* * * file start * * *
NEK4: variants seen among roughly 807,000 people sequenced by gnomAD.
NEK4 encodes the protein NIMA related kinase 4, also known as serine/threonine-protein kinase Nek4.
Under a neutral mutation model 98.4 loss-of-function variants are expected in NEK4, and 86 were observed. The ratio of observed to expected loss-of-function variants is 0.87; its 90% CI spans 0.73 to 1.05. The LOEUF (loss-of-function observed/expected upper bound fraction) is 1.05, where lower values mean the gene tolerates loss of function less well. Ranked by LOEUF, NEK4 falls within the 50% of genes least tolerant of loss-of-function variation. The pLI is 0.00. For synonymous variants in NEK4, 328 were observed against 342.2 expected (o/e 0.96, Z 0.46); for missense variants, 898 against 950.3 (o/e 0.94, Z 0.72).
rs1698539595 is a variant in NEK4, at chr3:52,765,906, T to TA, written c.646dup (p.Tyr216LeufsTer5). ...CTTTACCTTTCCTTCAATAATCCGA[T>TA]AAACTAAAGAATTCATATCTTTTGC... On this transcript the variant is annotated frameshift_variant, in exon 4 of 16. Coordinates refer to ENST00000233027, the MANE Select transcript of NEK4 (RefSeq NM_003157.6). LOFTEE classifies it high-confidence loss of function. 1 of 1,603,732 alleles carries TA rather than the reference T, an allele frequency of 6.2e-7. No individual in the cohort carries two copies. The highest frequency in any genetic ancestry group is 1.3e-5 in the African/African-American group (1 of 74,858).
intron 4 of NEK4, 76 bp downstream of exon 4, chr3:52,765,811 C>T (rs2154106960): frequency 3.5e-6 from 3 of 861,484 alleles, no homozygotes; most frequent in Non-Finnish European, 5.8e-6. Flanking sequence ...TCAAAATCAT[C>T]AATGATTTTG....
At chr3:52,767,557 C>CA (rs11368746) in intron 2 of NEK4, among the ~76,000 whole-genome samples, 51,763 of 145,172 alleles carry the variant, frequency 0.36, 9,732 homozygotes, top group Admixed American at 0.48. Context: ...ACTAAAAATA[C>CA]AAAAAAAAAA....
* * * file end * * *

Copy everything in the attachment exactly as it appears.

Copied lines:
NEK4: variants seen among roughly 807,000 people sequenced by gnomAD.
NEK4 encodes the protein NIMA related kinase 4, also known as serine/threonine-protein kinase Nek4.
Under a neutral mutation model 98.4 loss-of-function variants are expected in NEK4, and 86 were observed. The ratio of observed to expected loss-of-function variants is 0.87; its 90% CI spans 0.73 to 1.05. The LOEUF (loss-of-function observed/expected upper bound fraction) is 1.05, where lower values mean the gene tolerates loss of function less well. Ranked by LOEUF, NEK4 falls within the 50% of genes least tolerant of loss-of-function variation. The pLI is 0.00. For synonymous variants in NEK4, 328 were observed against 342.2 expected (o/e 0.96, Z 0.46); for missense variants, 898 against 950.3 (o/e 0.94, Z 0.72).
rs1698539595 is a variant in NEK4, at chr3:52,765,906, T to TA, written c.646dup (p.Tyr216LeufsTer5). ...CTTTACCTTTCCTTCAATAATCCGA[T>TA]AAACTAAAGAATTCATATCTTTTGC... On this transcript the variant is annotated frameshift_variant, in exon 4 of 16. Coordinates refer to ENST00000233027, the MANE Select transcript of NEK4 (RefSeq NM_003157.6). LOFTEE classifies it high-confidence loss of function. 1 of 1,603,732 alleles carries TA rather than the reference T, an allele frequency of 6.2e-7. No individual in the cohort carries two copies. The highest frequency in any genetic ancestry group is 1.3e-5 in the African/African-American group (1 of 74,858).
intron 4 of NEK4, 76 bp downstream of exon 4, chr3:52,765,811 C>T (rs2154106960): frequency 3.5e-6 from 3 of 861,484 alleles, no homozygotes; most frequent in Non-Finnish European, 5.8e-6. Flanking sequence ...TCAAAATCAT[C>T]AATGATTTTG....
At chr3:52,767,557 C>CA (rs11368746) in intron 2 of NEK4, among the ~76,000 whole-genome samples, 51,763 of 145,172 alleles carry the variant, frequency 0.36, 9,732 homozygotes, top group Admixed American at 0.48. Context: ...ACTAAAAATA[C>CA]AAAAAAAAAA....